ESG: short-term pain for long-term value?
What is ESG?
After attending two events and two webinars (held by Lansons, IR Magazine, the IR Society and Anthesis) on the topic last week, it’s easy to see why people get confused over the definition. When talking about ESG there are a lot of different terms and acronyms to get your head around and, often, ESG can mean different things to different companies and people.
Generally, it refers to the broad set of factors (environmental, social and governance) that are not measured in financial terms but are material to a company’s financial stability. Essentially ESG is a way of looking at risk factors.
The main takeaway from the discussions we attended last week is that ESG is not going away. In fact, it is growing in importance, to both investors and consumers, and companies must therefore get to grips with it and take action immediately.
Do investors care about ESG?
The act of ESG investment has increased immensely over the last few years. According to the Global Sustainable Investment Alliance, it accounts for nearly $23tn in assets under management worldwide. Much of this popularity is driven by a belief that more sustainable investment portfolios will outperform others. As we discussed in our “Do investors care about sustainability?” blog, this means that investors are becoming increasingly focused on how companies are managing and mitigating these issues.
What do investors want?
The particular areas of interest highlighted by investors at the recent events were:
- response to climate change;
- board diversity;
- compensation; and
It is important for them to see that ESG matters have been taken into consideration by the board and that the potential strategic repercussions of these risks are being minimised. Whilst it is important for investors to see that ESG has been integrated into the business process, they also want to see how it is adding value to the end client.
Interestingly, one investor from a leading asset management firm said that companies should not waste their time filling out surveys and benchmarking results on data platforms such as Sustainalytics and CSRhub. Instead they should invest time into communicating and articulating their material issues and explaining to investors why what they are measuring is of material importance, as well as how they plan to measure and manage these impacts in the future.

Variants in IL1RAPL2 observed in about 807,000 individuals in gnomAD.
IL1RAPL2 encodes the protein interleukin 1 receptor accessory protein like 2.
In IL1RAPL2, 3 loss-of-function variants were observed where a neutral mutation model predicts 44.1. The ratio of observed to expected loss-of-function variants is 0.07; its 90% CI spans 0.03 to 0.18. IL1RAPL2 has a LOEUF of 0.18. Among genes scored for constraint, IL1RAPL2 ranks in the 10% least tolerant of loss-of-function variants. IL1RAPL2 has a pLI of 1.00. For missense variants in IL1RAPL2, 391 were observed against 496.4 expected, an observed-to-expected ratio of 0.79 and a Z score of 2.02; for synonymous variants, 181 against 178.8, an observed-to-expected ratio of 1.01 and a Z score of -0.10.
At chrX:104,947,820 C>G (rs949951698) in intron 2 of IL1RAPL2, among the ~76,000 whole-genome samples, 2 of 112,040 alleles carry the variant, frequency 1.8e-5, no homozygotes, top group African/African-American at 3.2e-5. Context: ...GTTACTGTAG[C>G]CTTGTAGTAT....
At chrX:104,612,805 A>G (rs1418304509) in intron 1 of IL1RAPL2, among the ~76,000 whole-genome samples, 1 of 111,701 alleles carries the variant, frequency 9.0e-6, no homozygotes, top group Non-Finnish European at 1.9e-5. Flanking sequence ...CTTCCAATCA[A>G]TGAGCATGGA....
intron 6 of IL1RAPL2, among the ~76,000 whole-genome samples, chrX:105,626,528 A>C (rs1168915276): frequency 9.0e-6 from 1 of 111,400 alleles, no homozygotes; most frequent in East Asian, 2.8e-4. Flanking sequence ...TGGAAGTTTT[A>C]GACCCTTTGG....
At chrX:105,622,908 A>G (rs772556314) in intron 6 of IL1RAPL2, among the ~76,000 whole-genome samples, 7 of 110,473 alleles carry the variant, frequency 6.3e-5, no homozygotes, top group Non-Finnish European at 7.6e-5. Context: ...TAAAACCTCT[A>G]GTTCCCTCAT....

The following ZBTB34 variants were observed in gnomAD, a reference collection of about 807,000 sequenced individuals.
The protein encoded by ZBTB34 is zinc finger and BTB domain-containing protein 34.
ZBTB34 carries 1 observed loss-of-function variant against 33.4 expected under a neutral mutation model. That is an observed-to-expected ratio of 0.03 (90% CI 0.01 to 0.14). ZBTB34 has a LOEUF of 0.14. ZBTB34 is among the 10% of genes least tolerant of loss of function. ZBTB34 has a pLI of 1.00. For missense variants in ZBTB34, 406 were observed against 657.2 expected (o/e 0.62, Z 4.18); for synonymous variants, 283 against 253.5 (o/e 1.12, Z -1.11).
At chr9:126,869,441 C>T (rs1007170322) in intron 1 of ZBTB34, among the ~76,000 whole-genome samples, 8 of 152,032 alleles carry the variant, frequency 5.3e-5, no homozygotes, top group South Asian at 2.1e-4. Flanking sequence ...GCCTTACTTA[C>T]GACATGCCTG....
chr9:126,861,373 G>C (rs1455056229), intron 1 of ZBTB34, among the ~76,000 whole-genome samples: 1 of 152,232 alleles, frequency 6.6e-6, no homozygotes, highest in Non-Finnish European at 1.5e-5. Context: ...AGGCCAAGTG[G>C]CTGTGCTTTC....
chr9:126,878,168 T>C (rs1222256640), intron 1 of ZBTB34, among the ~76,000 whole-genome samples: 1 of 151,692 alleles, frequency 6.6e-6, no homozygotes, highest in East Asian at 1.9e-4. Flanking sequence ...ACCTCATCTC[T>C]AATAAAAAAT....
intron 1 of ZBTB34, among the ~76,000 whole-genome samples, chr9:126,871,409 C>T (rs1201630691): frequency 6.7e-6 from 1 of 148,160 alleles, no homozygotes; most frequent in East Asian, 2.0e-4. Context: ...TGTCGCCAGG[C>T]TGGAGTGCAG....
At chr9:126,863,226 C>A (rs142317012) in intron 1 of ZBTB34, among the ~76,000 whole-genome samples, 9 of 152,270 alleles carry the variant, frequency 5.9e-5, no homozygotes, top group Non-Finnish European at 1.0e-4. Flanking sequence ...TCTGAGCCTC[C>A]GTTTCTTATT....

What should companies do?
A few years ago, it was common practice for IR teams to respond in an ad hoc way as queries came in about ESG issues. Now, it is best practice to be much more strategic and proactive.
Companies are expected to respond to market signals by communicating their ESG-related performance, producing credible data and, most importantly, ensuring that this narrative links to their business strategy.
Don’t chase every index
Ratings can be very expensive and time inefficient. Understand what handful of indices your investors are really looking at. There is a benefit of being on a list but there is no need to be on all of them.
Speak to your stakeholders
Materiality varies by sector and business activity, and companies should therefore focus on the top issues that affect their bottom line.
Reaching out and engaging with investors and stakeholders regularly can help companies gain a good understanding of what is important and relevant.
Investors want data!
No surprise here, it’s just the way it is. Companies should ensure that their ESG story is supported with data and demonstrate how this is connected to the business strategy. This data should be robust and credible, just like financial data, and should be easily accessible.
Where should data go?
A few years ago, there was a real push to separate sustainability information from the annual report. However, any smart investor understands that the companies with the foresight to think of ESG are going to be leaders in the industry; they will anticipate and react successfully to risks. It is for this reason ESG data should be fully integrated into your key communication materials, such as the website and annual report.
You can learn more about how to present ESG information by reading our Guide to ESG Reporting.
ESG can be transformational for businesses as this data is used more and more in investment decision making. Companies must understand the specific ESG issues that are relevant to them and provide this data in a way that is easily accessible.
The topic of ESG may seem to be led from the investment community, but it is important to always keep in mind that ESG is about long-term sustainability and doing good for the planet. Companies should not only listen to investors but also their clients/customers. They should understand their beliefs and create product innovations based around this.
ESG may not lead to automatic outperformance, but it doesn’t hurt performance either. It requires a lot of resources and tools and there must, therefore, be a willingness from companies to accept lower short-term financial returns for greater long-term value creation.